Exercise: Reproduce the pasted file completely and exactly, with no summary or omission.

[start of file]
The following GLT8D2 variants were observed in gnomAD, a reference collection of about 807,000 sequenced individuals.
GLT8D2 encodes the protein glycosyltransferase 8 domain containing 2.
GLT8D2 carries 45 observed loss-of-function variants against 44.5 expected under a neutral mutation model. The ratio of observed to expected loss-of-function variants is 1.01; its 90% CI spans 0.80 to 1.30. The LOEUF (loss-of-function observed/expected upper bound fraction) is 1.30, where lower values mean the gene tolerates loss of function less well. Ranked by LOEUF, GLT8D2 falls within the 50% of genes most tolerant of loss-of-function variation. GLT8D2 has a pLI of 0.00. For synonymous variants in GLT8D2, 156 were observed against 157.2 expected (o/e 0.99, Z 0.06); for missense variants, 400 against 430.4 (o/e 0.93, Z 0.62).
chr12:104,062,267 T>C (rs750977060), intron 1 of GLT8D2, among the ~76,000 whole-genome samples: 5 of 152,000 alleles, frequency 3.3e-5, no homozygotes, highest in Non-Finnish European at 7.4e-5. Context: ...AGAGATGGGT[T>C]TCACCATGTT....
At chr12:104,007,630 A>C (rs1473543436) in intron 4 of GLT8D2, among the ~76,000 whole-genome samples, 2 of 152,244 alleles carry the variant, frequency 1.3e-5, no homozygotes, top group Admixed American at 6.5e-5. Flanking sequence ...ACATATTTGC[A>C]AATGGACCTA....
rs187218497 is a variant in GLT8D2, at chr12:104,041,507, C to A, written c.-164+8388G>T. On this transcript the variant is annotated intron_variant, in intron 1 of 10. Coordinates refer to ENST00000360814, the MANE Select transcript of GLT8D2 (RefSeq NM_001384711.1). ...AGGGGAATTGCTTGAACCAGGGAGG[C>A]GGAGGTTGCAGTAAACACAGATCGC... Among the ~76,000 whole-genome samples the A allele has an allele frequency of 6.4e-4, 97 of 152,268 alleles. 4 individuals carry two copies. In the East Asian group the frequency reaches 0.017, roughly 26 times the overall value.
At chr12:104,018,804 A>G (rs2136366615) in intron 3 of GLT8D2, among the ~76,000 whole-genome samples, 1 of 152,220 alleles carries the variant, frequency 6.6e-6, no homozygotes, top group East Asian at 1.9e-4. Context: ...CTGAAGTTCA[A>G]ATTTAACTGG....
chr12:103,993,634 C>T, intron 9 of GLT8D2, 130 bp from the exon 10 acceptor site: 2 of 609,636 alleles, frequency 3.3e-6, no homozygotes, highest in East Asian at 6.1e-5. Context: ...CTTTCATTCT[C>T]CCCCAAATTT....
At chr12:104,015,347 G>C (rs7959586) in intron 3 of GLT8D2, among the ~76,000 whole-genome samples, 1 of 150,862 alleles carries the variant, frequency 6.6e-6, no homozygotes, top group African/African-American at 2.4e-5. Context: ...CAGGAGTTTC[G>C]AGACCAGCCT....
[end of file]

The following GLT8D2 variants were observed in gnomAD, a reference collection of about 807,000 sequenced individuals.
GLT8D2 encodes the protein glycosyltransferase 8 domain containing 2.
GLT8D2 carries 45 observed loss-of-function variants against 44.5 expected under a neutral mutation model. The ratio of observed to expected loss-of-function variants is 1.01; its 90% CI spans 0.80 to 1.30. The LOEUF (loss-of-function observed/expected upper bound fraction) is 1.30, where lower values mean the gene tolerates loss of function less well. Ranked by LOEUF, GLT8D2 falls within the 50% of genes most tolerant of loss-of-function variation. GLT8D2 has a pLI of 0.00. For synonymous variants in GLT8D2, 156 were observed against 157.2 expected (o/e 0.99, Z 0.06); for missense variants, 400 against 430.4 (o/e 0.93, Z 0.62).
chr12:104,062,267 T>C (rs750977060), intron 1 of GLT8D2, among the ~76,000 whole-genome samples: 5 of 152,000 alleles, frequency 3.3e-5, no homozygotes, highest in Non-Finnish European at 7.4e-5. Context: ...AGAGATGGGT[T>C]TCACCATGTT....
At chr12:104,007,630 A>C (rs1473543436) in intron 4 of GLT8D2, among the ~76,000 whole-genome samples, 2 of 152,244 alleles carry the variant, frequency 1.3e-5, no homozygotes, top group Admixed American at 6.5e-5. Flanking sequence ...ACATATTTGC[A>C]AATGGACCTA....
rs187218497 is a variant in GLT8D2, at chr12:104,041,507, C to A, written c.-164+8388G>T. On this transcript the variant is annotated intron_variant, in intron 1 of 10. Coordinates refer to ENST00000360814, the MANE Select transcript of GLT8D2 (RefSeq NM_001384711.1). ...AGGGGAATTGCTTGAACCAGGGAGG[C>A]GGAGGTTGCAGTAAACACAGATCGC... Among the ~76,000 whole-genome samples the A allele has an allele frequency of 6.4e-4, 97 of 152,268 alleles. 4 individuals carry two copies. In the East Asian group the frequency reaches 0.017, roughly 26 times the overall value.
At chr12:104,018,804 A>G (rs2136366615) in intron 3 of GLT8D2, among the ~76,000 whole-genome samples, 1 of 152,220 alleles carries the variant, frequency 6.6e-6, no homozygotes, top group East Asian at 1.9e-4. Context: ...CTGAAGTTCA[A>G]ATTTAACTGG....
chr12:103,993,634 C>T, intron 9 of GLT8D2, 130 bp from the exon 10 acceptor site: 2 of 609,636 alleles, frequency 3.3e-6, no homozygotes, highest in East Asian at 6.1e-5. Context: ...CTTTCATTCT[C>T]CCCCAAATTT....
At chr12:104,015,347 G>C (rs7959586) in intron 3 of GLT8D2, among the ~76,000 whole-genome samples, 1 of 150,862 alleles carries the variant, frequency 6.6e-6, no homozygotes, top group African/African-American at 2.4e-5. Context: ...CAGGAGTTTC[G>C]AGACCAGCCT....